Youth leaders always want to know what theory looks like in practice. Here is an example of one component of a youth group meeting: the teaching time…
Our church plant has a small youth group (usually about 25 students) with 6 very committed young adult volunteer leaders. They recently began a semester of working through the Old Testament.
For Genesis 1 and 2, instead of a sermon or video, the group was divided into two groups by gender. In one room the boy group read Genesis 1 together several times. In the other the girls read Genesis 2. Each group took notes and discussed what the text said and emphasized for the hearers. Then they outlined the chapter. The leaders gave guidance in the form of questions to take the students back to the text when they started reading into it. On a large poster board with colorful markers, each group drew a graphical/artistic representation of their chapter. Then they came back together and the students taught their chapter to the other group from their poster. Having students teaching one another engaged students in the learning process in a way that was wonderful. By the end, each group knew the contents of both chapters.
Then one of the leaders did a wrap-up to help students get the “big picture” and think theologically about their lives – a 7 minute mini-message on “Have you noticed that the first two verses of Genesis One say exactly the same thing your biology teacher taught you?” After reading Genesis 1:1 and 1:2, the leader gave a message that went like this:
Did you notice that both Christians, who think God is the author of life and truth, and scientists, who observe life, have the same version of what happened in the very beginning of the universe? Does that surprise you? More subtle though is the enormous difference between the two narratives. Science, not as a discipline but as an “ism” (called materialism) follows a very different narrative. BTW, We are not anti-science here, but materialism is a philosophy of life that what you see explains everything that is. When you know what materialism teaches you might choose to reject it. For the materialist, time and chance explain everything. For the Christian, the hand of a loving Creator is the ultimate explanation. For the materialist, because they believe only in time and chance, all of life is an accident. For the materialist, you might be “unique,” but you are a unique accident.
On the other hand, for the Christian, all of life is a gift. Life was made on purpose, with a high and holy purpose. So, in the Christian narrative, you matter. What you do matters. What you don’t do matters. Everyone around you matters to God too.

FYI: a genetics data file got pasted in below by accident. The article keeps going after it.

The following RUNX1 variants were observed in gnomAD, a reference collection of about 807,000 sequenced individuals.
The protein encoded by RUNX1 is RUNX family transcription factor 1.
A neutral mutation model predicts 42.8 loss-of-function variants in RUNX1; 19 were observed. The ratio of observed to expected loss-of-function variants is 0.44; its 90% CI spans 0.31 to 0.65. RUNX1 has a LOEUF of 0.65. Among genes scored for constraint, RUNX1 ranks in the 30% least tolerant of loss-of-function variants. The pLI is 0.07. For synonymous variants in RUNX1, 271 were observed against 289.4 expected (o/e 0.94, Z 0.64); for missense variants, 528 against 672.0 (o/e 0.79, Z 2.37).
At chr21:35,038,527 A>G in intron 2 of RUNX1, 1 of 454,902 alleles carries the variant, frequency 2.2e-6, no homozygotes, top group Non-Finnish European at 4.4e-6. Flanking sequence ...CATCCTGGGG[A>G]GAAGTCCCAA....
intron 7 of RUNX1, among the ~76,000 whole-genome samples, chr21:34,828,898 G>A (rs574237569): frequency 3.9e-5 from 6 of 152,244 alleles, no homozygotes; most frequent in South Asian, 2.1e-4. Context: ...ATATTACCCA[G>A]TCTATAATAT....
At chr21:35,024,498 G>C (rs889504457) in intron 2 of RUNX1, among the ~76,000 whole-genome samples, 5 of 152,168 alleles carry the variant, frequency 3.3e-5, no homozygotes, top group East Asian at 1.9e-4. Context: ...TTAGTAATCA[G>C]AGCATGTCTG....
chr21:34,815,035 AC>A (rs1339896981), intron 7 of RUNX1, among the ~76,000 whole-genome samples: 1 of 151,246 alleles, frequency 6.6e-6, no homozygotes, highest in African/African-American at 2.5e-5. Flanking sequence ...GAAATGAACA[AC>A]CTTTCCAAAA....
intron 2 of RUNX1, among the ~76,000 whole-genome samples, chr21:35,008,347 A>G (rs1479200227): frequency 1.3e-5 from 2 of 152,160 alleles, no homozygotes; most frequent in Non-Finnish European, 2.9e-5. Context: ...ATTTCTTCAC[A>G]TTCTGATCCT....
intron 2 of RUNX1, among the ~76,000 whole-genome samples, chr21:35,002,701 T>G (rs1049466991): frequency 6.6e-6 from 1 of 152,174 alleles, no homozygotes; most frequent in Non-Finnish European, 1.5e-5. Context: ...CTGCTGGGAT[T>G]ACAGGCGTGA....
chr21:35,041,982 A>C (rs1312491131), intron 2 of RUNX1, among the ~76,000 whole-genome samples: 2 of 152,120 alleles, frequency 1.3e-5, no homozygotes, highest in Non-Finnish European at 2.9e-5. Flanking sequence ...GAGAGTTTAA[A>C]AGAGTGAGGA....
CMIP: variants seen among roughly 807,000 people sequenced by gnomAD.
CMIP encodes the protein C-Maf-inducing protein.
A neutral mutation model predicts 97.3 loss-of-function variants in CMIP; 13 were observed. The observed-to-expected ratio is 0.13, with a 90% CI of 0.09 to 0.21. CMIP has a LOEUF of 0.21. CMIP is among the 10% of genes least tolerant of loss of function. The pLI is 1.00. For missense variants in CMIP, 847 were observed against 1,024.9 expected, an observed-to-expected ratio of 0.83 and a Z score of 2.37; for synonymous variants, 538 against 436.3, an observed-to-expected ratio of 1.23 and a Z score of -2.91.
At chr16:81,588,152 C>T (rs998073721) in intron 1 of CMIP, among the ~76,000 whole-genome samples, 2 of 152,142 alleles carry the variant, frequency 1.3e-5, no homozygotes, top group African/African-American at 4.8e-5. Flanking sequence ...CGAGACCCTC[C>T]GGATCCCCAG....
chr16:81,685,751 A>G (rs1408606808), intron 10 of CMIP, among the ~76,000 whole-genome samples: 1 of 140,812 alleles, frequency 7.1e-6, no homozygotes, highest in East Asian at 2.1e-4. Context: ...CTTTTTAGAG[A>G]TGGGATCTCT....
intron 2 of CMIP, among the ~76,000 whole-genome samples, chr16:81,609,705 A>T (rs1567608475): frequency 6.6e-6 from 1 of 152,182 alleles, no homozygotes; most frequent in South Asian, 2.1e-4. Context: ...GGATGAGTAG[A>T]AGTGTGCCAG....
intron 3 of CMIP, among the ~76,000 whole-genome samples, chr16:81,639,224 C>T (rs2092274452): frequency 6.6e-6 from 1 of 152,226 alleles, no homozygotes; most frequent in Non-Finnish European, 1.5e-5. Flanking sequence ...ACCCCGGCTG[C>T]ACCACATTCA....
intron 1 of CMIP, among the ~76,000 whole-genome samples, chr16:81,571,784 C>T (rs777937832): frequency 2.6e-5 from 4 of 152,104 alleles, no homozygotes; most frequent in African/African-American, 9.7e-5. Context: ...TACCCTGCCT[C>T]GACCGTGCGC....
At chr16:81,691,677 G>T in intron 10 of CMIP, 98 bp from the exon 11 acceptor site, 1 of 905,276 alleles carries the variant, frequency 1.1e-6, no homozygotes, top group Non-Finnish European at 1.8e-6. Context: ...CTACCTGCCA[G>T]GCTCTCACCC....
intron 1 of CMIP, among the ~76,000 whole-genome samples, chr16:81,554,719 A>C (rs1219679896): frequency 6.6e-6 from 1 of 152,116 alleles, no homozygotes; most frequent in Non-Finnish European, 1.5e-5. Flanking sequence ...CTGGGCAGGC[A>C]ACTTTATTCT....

Think of the difference the narrative you believe about your life makes: Can you see how what you do with your life gets shaped by the narrative you believe about who you are? What choices do you make with your life when life has no purpose? (Discussion)
How does it change your choices if you are absolutely convinced that you and everyone else was created on purpose, with a purpose? (Discussion)
If the materialist story is true, nothing you do matters. You don’t matter. If the Christian story is true then everything you do either spreads our Creator’s beauty and redeeming love or shuts it down.
Which narrative do you see being played out around you? What might life look like if everyone you know, new God’s love for them in Christ? You see, both the Christian and the materialist see the same events, they just interpret them differently.
Which narrative would you rather follow with your life? Thinking about what you said in our said in our discussion, why is it important that your friends know “the hope that is within you”?
As a result of the teaching time students left with the ability to tell us what Genesis 1 & 2 actually says…and what it doesn’t say. They learned something about exegesis: letting the text, rather than other’s ideas of the text speak. And more, they left with a powerful doctrine of Creation and can tell you why that doctrine is important. They went to small groups and prayed passionately that God would help them stay clear on who they are and whose they are…and that they would have boldness to share with their friends the Good News of God’s love in Christ-because of how desperately their friends need a different narrative on which to base their life.
3 thoughts on “Youth Ministry after “Cool Church”: Sample Youth Teaching on Genesis 1 & 2”
Love the teaching idea. The skill of basic Exegesis is so lacking in today’s church!
I attended then lead congregations for decades. I did it how I had experienced it and been taught to do it. After years of “telling” and “listening” I grew weary of what was neither Christian nor Education. I looked for additional venues and experiences for genuine Bible discoveries. Without relationship, understanding, respect, self-involvement, and intra- and inter-personal discovery, what many call “teaching” is simply “telling.”
Hurrah! People are finally discovering that “teaching” never occurs without the parallel experience of “learning.” Without muscle movement, and change within the neurons of their brains, people never change. Perhaps we are on the cusp of a new kind of Reformation.
One can hope. 🙂